7 Before the well-tempered scale musicians used what is now called the Just Tempered Scale (sometimes called the Pythagorean scale). For simplicities sake let us look at the eight notes in the C Major scale. The scale is composed of the notes C, D, E, F, G, A and B. Before the Well Tempered scale was developed musicians used what was called the Just or Pythagorean system system of tuning. This system is based on the harmonics of a single note, which we will illustrate with the note C1. The Just-Tempered Scale C1 *f D1 9/8 f E1 5/4 f F1 4/3 f G1 3/2 f A1 5/3 f B1 13/8 f The first note we will find we will call G1 which was assigned the frequency 3/2 f. The frequency 3/2 f was found by finding the third harmonic of f and then dropping it down into the region between f and 2f. This was done by dividing by 2, giving us a note an octave lower. In a similar way E1 (5/4 f) was found by first finding the 5 th harmonic of f and then dropping it down 2 octaves by dividing by 4. In a similar way the other notes were found. The pattern is the same in all keys.. If you start with the frequency of G 660 hz then the frequency of D above G 660 is 660(3/2) = 990 hz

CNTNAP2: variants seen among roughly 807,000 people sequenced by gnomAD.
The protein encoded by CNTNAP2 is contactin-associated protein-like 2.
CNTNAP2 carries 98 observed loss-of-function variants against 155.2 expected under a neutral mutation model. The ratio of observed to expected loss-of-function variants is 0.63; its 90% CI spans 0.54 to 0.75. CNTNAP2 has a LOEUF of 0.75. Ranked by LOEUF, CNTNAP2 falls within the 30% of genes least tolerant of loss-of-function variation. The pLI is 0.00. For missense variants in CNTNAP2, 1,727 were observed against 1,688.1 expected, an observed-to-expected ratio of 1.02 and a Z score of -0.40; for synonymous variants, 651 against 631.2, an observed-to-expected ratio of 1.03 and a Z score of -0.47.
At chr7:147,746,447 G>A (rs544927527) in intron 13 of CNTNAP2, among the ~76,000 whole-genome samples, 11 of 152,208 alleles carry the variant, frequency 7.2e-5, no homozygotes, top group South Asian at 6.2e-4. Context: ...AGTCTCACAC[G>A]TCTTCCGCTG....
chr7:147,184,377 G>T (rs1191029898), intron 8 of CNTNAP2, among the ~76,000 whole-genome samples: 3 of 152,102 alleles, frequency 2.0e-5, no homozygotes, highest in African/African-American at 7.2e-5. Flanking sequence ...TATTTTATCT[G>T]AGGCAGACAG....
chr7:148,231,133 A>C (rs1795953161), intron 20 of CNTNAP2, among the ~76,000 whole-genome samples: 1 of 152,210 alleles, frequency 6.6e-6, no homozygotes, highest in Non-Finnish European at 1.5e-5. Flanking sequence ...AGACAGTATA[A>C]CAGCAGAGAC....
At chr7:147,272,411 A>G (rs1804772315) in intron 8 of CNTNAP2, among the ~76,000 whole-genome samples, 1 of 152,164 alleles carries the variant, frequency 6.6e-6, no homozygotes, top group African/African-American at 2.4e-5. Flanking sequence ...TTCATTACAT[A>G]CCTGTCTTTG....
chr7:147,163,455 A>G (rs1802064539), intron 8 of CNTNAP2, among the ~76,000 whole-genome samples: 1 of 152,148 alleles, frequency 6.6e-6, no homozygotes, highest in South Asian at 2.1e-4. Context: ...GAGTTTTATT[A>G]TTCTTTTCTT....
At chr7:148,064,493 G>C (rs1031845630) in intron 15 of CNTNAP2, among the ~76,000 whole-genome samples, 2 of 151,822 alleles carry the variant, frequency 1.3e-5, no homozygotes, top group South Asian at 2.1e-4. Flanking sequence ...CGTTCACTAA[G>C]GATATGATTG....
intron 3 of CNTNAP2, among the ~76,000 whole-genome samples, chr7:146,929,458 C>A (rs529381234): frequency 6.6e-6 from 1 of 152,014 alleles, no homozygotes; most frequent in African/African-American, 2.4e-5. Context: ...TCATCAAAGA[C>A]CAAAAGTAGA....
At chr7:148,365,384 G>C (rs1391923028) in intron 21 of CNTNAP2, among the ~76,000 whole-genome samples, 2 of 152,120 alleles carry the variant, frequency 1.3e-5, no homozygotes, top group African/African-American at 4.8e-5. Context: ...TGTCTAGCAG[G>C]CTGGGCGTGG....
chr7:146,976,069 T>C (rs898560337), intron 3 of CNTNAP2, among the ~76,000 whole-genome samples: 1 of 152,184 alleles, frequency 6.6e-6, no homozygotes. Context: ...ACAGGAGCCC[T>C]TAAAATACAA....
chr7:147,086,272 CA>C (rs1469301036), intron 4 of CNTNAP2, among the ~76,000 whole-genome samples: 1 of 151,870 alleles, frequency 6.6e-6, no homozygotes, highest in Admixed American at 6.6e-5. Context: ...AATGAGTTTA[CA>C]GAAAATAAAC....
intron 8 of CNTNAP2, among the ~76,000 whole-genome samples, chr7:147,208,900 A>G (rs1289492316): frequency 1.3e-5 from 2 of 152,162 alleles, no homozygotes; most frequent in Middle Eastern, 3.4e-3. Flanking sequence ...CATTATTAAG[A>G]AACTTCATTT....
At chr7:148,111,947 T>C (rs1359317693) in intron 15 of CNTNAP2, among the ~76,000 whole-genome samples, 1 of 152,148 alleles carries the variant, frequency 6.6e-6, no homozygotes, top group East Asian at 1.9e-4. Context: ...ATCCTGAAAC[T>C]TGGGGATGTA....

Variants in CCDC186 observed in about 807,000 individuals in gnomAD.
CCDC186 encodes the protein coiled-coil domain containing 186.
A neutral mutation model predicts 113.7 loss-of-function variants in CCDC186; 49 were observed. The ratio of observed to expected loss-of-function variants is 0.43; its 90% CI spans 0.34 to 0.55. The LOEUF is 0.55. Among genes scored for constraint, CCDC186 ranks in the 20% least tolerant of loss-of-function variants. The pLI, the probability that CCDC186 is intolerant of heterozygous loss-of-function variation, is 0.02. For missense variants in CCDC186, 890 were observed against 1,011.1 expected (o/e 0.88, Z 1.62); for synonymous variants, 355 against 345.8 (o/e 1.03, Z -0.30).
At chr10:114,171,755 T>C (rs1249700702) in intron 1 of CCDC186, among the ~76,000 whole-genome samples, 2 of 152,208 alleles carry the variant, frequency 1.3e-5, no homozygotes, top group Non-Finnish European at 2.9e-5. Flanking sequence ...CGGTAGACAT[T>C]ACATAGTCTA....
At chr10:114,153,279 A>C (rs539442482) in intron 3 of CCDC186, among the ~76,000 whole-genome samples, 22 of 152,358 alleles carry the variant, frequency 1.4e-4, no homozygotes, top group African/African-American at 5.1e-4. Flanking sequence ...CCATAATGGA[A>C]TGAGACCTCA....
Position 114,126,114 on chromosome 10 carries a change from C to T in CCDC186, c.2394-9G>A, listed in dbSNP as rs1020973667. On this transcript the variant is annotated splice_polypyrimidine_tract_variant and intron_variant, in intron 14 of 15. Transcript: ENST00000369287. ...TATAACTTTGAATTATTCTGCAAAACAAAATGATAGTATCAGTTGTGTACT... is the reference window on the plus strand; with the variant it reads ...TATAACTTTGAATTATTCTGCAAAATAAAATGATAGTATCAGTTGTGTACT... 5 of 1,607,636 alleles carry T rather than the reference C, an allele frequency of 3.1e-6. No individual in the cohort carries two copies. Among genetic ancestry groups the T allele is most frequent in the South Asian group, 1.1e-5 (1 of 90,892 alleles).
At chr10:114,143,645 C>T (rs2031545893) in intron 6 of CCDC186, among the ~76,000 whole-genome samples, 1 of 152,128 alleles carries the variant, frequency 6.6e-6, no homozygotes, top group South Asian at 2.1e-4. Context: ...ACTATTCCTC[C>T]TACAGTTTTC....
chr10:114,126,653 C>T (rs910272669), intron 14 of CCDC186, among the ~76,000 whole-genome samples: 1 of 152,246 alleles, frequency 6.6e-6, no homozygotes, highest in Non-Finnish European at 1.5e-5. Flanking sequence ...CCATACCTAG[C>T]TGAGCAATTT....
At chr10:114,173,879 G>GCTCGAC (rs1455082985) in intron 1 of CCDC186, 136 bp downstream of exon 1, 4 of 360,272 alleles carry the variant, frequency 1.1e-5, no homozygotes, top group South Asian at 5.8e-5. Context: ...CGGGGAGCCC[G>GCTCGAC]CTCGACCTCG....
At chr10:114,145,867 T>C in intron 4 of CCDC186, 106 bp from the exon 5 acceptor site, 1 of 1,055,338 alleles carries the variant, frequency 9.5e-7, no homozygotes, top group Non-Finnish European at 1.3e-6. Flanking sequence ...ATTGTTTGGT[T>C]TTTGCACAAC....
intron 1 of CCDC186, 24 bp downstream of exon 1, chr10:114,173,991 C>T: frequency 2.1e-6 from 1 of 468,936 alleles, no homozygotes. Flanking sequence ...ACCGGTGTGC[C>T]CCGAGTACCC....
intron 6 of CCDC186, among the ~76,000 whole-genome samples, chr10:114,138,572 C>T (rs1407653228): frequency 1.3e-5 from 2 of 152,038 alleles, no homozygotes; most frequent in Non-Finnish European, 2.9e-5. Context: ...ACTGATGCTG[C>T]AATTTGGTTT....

8 C1 *f D1 9/8 f E1 5/4 f F1 4/3 f G1 3/2 f A1 5/3 f B1 13/8 f What does this whole mess give us? It gives us frequencies for a 8-note scale from C1 to B1 that are all related harmonically, hence they are “in tune” with each other. This system is beautiful in that every note has harmonics that do not “clash” with the other notes and their harmonics. The Just System has been extended to include all of the twelve notes in our current system. You can find the “complete” Just System on the next page. Well-Tempered Scale that we studied several slides back. As good as this system was it turned out to be too inflexible for composers who wanted to use more than 8 notes between the octaves in one composition. For this task they came up with the Well-Tempered Scale that we studied several slides back. *Note that f is the designated frequency of C1 Just Tempered Scale and Ratios